Ultimately, Chiarot is a decent stay-at-home defenseman. You can’t take that away from him, based on how hard he battled these past playoffs. The defense as a whole, including him, came up huge. However, it says a great deal when, his first season with the Habs, for which he was widely lauded for exceeding expectations, he was only average at both ends of the ice.

Meanwhile, this past season Chiarot arguably only turned around an overall disappointing campaign ironically after having returned from a broken hand with 16 games left. How likely is it that he maintains the high level of play moving from Weber as a partner to Savard, whose footspeed reportedly isn’t what it once was, either?

Chiarot vs. Romanov

The argument is Savard, who as a new acquisition isn’t going anywhere, could probably benefit from more of a fleet-of-foot partner in, say, sophomore Alexander Romanov. As Romanov is entering his second season and is presumably going to be relied upon to carry the load with increasing frequency in the long term, it makes sense for the Canadiens to give him more ice time as soon as possible. However, he’s effectively blocked from being given that opportunity by Chiarot on his natural left side and Savard on the right (where he has also played regularly).

Alexander Romanov Montreal Canadiens
Montreal Canadiens defenseman Alexander Romanov – (Photo by Mark Blinch/NHLI via Getty Images)

Of course, the Canadiens have the option to simply play Chiarot lower in the lineup than Romanov. However, based on how Chiarot is seemingly perceived within the organization (in the best possible light), it seems unlikely that would ever happen, especially following the playoffs he just put together. Following that same logic, it’s admittedly even less likely the Canadiens trade him altogether.

So, for now, it looks like Chiarot’s staying put. It’s a shame for several reasons. For one, the Habs run the obvious risk of losing him for nothing, should he leave via free agency, and he very much should depart at that point at the latest for fear of stunting Romanov’s development and holding back prospect Mattias Norlinder.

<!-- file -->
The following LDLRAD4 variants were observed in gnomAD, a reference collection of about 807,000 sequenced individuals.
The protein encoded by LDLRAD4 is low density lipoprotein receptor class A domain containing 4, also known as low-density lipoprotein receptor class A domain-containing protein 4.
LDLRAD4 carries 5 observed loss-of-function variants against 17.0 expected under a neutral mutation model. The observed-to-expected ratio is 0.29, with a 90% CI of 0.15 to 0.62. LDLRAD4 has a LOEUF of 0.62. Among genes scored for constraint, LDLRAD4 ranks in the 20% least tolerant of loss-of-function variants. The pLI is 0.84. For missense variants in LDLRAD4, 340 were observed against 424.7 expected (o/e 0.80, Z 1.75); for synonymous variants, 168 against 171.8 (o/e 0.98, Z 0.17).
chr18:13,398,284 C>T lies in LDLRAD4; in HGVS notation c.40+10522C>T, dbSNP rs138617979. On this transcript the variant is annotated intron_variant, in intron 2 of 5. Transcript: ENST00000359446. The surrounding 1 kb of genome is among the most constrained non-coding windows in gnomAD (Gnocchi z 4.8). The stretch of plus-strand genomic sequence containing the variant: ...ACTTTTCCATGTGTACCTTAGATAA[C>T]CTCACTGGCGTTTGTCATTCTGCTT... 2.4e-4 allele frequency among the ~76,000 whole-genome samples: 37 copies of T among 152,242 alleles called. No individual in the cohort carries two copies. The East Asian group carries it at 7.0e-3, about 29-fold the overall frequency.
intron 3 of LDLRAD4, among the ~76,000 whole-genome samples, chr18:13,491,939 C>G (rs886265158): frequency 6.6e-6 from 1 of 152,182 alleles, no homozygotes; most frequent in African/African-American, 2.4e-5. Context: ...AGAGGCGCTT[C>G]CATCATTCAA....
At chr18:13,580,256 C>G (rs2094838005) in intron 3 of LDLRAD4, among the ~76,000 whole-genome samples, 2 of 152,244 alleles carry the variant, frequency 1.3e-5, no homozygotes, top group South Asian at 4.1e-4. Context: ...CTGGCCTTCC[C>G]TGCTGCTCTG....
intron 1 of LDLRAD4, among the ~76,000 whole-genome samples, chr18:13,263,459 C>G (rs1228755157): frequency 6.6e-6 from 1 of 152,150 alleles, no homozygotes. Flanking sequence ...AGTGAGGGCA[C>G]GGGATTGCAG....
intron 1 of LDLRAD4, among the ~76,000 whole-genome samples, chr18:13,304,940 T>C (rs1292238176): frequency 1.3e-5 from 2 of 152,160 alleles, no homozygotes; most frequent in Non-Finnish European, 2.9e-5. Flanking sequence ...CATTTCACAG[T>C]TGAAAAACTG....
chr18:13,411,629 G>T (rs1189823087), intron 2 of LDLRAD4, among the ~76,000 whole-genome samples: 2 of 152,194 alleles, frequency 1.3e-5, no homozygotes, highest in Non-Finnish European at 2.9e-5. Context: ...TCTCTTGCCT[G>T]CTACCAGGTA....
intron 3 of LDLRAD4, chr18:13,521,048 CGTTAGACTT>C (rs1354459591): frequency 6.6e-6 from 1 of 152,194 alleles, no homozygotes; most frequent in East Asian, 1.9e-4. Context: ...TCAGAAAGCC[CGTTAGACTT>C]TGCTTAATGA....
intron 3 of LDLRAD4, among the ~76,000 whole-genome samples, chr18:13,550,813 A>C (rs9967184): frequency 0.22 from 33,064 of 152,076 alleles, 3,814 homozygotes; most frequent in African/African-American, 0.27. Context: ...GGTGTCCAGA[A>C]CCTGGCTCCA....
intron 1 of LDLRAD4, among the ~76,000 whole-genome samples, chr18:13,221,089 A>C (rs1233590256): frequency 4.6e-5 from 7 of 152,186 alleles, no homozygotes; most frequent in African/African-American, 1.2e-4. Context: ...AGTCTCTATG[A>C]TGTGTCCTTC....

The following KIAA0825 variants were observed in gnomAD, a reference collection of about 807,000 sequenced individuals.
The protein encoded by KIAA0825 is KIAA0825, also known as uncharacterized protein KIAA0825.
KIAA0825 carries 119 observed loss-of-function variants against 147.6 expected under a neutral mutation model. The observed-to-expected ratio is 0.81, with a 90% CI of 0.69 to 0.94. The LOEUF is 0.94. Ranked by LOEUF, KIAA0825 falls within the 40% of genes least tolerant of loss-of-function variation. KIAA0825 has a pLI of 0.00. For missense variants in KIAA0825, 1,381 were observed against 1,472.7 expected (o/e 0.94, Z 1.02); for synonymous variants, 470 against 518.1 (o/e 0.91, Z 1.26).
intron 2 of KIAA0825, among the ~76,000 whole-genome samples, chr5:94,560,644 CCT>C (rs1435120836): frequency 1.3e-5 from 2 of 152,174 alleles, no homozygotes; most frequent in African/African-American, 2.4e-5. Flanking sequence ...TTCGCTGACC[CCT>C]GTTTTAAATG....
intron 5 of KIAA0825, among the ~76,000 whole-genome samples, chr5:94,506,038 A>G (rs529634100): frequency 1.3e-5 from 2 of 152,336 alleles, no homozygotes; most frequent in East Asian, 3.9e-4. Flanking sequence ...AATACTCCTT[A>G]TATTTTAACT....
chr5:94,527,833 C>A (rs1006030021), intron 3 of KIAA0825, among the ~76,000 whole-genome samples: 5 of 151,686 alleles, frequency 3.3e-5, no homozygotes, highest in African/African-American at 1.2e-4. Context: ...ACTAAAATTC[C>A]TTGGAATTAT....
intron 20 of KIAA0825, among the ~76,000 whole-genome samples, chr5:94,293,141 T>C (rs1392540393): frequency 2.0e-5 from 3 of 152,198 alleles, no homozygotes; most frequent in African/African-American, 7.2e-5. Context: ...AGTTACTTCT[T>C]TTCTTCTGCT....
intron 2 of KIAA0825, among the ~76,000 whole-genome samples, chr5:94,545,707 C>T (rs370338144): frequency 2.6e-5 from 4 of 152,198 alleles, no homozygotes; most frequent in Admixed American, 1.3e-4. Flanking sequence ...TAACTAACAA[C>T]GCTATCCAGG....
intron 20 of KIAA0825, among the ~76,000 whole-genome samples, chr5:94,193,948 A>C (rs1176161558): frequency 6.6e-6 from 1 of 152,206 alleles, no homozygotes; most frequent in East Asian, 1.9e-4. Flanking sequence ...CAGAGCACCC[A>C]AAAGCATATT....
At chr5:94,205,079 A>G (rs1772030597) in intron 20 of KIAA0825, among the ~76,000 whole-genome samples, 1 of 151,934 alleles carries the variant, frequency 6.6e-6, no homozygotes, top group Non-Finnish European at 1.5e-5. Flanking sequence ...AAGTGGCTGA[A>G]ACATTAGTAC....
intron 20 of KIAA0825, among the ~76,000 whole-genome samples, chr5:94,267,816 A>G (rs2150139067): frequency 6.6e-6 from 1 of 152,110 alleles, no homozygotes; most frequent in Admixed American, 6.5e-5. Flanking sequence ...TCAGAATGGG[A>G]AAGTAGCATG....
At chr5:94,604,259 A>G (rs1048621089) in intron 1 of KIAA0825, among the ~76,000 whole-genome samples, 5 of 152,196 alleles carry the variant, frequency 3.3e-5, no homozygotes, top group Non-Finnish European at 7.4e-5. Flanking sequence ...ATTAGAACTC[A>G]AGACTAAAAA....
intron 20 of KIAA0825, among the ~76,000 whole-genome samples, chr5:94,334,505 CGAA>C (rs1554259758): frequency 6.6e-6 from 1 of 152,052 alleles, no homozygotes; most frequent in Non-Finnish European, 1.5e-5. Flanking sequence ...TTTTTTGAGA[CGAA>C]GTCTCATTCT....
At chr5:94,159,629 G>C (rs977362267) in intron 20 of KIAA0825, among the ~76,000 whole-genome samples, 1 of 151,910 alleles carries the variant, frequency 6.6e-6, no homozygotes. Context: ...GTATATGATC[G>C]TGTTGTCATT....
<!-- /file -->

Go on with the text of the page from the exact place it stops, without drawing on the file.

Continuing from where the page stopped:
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For another, from a puck-movement standpoint, the Canadiens could stand to move on from at least one of the three shutdown defensemen in their projected top four. As crazy as it sounds in the face of all the adulation he receives, Chiarot is simply the most expendable of the bunch. The Canadiens may like Chiarot, but they should like the benefits of dealing him as soon as possible more. Someone has to go eventually, and it may as well be Chiarot. More to the point, it should be Chiarot to make room for Romanov, enabling the Canadiens to move the puck more, ice more of a well-balanced lineup and gain a greater shot at making the playoffs.

The Canadiens theoretically can with the status quo intact, but expecting a great, but undeniably complementary defenseman like Chiarot to continue performing like he did these past playoffs is like asking an entertaining opening act to play an encore. Eventually, the show must go on, if only because the fans are there to see someone else altogether. Maybe it’s Romanov, maybe not, but the Habs have to allow him to prove himself sooner or later. It should be sooner.